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Science and Religion, 1450–1900

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Science and Religion, 1450–1900

From Copernicus to Darwin

Galileo. Newton. Darwin. These giants are remembered for their great contributions to science. Often forgotten, however, is the profound influence that Christianity had on their lives and work. This study explores the many ways in which religion—its ideas, attitudes, practices, and institutions—interacted with science from the beginnings of the Scientific Revolution to the end of the nineteenth century.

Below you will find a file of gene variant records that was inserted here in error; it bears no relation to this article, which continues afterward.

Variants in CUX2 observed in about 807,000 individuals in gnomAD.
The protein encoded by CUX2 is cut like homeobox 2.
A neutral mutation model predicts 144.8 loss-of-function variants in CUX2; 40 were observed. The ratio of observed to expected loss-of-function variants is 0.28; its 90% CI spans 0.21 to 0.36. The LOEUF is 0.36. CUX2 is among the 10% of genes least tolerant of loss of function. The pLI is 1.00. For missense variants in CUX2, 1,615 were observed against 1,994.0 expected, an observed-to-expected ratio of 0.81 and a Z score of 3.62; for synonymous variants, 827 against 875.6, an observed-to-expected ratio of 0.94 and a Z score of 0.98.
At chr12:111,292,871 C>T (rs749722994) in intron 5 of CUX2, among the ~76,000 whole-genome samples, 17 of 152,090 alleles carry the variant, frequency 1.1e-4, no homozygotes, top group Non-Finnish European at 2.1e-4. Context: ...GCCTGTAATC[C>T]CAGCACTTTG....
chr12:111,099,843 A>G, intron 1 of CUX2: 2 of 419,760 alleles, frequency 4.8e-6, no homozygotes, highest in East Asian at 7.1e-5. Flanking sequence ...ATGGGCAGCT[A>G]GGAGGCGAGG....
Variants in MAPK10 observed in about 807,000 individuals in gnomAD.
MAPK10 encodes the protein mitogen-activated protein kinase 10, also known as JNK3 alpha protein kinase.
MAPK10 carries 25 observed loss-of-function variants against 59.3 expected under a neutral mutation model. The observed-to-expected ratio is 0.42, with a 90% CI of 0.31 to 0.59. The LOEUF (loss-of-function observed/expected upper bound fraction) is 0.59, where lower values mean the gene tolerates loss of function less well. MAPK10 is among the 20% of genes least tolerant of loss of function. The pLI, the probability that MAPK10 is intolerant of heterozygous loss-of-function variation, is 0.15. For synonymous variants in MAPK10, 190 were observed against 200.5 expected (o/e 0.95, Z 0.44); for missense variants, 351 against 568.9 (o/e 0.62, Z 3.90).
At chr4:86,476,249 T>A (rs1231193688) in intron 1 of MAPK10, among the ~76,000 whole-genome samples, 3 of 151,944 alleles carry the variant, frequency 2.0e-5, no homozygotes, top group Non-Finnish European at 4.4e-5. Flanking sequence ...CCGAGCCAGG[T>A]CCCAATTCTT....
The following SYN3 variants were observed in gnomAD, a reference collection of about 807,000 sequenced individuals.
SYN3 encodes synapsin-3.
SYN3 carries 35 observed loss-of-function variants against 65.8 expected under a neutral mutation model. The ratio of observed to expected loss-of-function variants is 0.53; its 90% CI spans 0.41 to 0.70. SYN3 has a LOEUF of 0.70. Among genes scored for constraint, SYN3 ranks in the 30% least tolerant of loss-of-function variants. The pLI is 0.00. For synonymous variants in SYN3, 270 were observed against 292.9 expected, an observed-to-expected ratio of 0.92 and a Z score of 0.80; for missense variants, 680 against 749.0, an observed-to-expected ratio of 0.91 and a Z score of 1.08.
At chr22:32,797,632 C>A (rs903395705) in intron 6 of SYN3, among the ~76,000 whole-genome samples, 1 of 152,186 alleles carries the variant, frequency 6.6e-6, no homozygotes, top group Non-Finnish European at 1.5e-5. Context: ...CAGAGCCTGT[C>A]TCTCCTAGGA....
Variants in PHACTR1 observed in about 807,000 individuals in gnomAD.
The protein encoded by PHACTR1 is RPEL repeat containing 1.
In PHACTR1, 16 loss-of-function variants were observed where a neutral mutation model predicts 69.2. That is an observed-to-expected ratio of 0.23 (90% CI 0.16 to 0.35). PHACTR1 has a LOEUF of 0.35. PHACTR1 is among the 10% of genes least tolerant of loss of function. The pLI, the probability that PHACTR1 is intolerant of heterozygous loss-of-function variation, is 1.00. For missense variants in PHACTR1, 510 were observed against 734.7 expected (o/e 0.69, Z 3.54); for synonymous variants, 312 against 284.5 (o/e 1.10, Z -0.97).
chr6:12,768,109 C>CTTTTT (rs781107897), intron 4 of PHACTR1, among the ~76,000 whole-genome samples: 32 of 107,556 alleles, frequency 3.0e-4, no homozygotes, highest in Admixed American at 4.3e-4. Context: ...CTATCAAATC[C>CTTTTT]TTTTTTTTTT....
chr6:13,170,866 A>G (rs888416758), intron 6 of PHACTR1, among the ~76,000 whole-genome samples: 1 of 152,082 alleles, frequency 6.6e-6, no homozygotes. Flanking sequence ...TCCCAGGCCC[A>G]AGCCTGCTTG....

Both scientists and persons of faith sometimes characterize the relationship between science and religion as confrontational. Historian Richard G. Olson finds instead that the interactions between science and religion in Western Christendom have been complex, often mutually supportive, even transformative. This book explores those interactions by focusing on a sequence of major religious and intellectual movements—from Christian Humanist efforts to turn science from a primarily contemplative exercise to an activity aimed at improving the quality of human life, to the widely varied Christian responses to Darwinian ideas in both Europe and North America during the second half of the nineteenth century.